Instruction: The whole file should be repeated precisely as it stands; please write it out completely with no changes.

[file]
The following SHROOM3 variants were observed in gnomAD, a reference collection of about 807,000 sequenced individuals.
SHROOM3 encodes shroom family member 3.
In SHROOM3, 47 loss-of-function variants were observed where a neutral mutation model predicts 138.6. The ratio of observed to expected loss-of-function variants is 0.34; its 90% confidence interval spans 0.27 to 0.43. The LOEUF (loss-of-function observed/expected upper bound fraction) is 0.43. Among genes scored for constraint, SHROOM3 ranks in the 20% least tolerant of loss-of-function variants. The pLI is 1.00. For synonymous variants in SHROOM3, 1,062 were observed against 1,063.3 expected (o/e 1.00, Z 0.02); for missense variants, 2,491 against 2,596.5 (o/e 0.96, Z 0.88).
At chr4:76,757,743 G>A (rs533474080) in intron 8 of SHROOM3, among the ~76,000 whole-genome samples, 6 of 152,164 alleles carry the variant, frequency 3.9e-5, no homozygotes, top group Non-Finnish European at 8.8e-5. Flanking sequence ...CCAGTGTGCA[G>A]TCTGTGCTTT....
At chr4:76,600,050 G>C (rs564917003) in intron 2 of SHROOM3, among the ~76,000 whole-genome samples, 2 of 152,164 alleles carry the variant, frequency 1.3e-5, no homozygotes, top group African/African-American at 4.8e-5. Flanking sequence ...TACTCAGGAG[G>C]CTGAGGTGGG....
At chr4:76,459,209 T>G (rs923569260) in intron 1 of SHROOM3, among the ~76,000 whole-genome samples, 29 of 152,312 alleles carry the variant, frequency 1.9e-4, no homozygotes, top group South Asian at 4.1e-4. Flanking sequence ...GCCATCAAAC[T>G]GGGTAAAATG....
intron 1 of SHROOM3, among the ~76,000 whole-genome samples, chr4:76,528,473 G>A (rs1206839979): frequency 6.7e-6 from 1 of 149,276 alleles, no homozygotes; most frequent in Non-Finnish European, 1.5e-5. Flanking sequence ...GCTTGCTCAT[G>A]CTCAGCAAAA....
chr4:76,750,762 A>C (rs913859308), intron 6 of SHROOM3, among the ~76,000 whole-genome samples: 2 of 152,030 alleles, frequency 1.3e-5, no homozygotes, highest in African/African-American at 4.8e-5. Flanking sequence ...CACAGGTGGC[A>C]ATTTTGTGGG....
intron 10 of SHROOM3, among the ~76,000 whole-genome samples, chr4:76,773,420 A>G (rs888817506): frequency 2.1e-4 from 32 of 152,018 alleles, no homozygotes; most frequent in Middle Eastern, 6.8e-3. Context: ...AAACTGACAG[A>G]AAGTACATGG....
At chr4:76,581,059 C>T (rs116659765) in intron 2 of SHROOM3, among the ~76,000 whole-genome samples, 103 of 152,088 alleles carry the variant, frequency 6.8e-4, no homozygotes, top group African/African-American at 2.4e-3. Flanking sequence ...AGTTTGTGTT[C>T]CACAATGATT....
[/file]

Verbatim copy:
The following SHROOM3 variants were observed in gnomAD, a reference collection of about 807,000 sequenced individuals.
SHROOM3 encodes shroom family member 3.
In SHROOM3, 47 loss-of-function variants were observed where a neutral mutation model predicts 138.6. The ratio of observed to expected loss-of-function variants is 0.34; its 90% confidence interval spans 0.27 to 0.43. The LOEUF (loss-of-function observed/expected upper bound fraction) is 0.43. Among genes scored for constraint, SHROOM3 ranks in the 20% least tolerant of loss-of-function variants. The pLI is 1.00. For synonymous variants in SHROOM3, 1,062 were observed against 1,063.3 expected (o/e 1.00, Z 0.02); for missense variants, 2,491 against 2,596.5 (o/e 0.96, Z 0.88).
At chr4:76,757,743 G>A (rs533474080) in intron 8 of SHROOM3, among the ~76,000 whole-genome samples, 6 of 152,164 alleles carry the variant, frequency 3.9e-5, no homozygotes, top group Non-Finnish European at 8.8e-5. Flanking sequence ...CCAGTGTGCA[G>A]TCTGTGCTTT....
At chr4:76,600,050 G>C (rs564917003) in intron 2 of SHROOM3, among the ~76,000 whole-genome samples, 2 of 152,164 alleles carry the variant, frequency 1.3e-5, no homozygotes, top group African/African-American at 4.8e-5. Flanking sequence ...TACTCAGGAG[G>C]CTGAGGTGGG....
At chr4:76,459,209 T>G (rs923569260) in intron 1 of SHROOM3, among the ~76,000 whole-genome samples, 29 of 152,312 alleles carry the variant, frequency 1.9e-4, no homozygotes, top group South Asian at 4.1e-4. Flanking sequence ...GCCATCAAAC[T>G]GGGTAAAATG....
intron 1 of SHROOM3, among the ~76,000 whole-genome samples, chr4:76,528,473 G>A (rs1206839979): frequency 6.7e-6 from 1 of 149,276 alleles, no homozygotes; most frequent in Non-Finnish European, 1.5e-5. Flanking sequence ...GCTTGCTCAT[G>A]CTCAGCAAAA....
chr4:76,750,762 A>C (rs913859308), intron 6 of SHROOM3, among the ~76,000 whole-genome samples: 2 of 152,030 alleles, frequency 1.3e-5, no homozygotes, highest in African/African-American at 4.8e-5. Flanking sequence ...CACAGGTGGC[A>C]ATTTTGTGGG....
intron 10 of SHROOM3, among the ~76,000 whole-genome samples, chr4:76,773,420 A>G (rs888817506): frequency 2.1e-4 from 32 of 152,018 alleles, no homozygotes; most frequent in Middle Eastern, 6.8e-3. Context: ...AAACTGACAG[A>G]AAGTACATGG....
At chr4:76,581,059 C>T (rs116659765) in intron 2 of SHROOM3, among the ~76,000 whole-genome samples, 103 of 152,088 alleles carry the variant, frequency 6.8e-4, no homozygotes, top group African/African-American at 2.4e-3. Flanking sequence ...AGTTTGTGTT[C>T]CACAATGATT....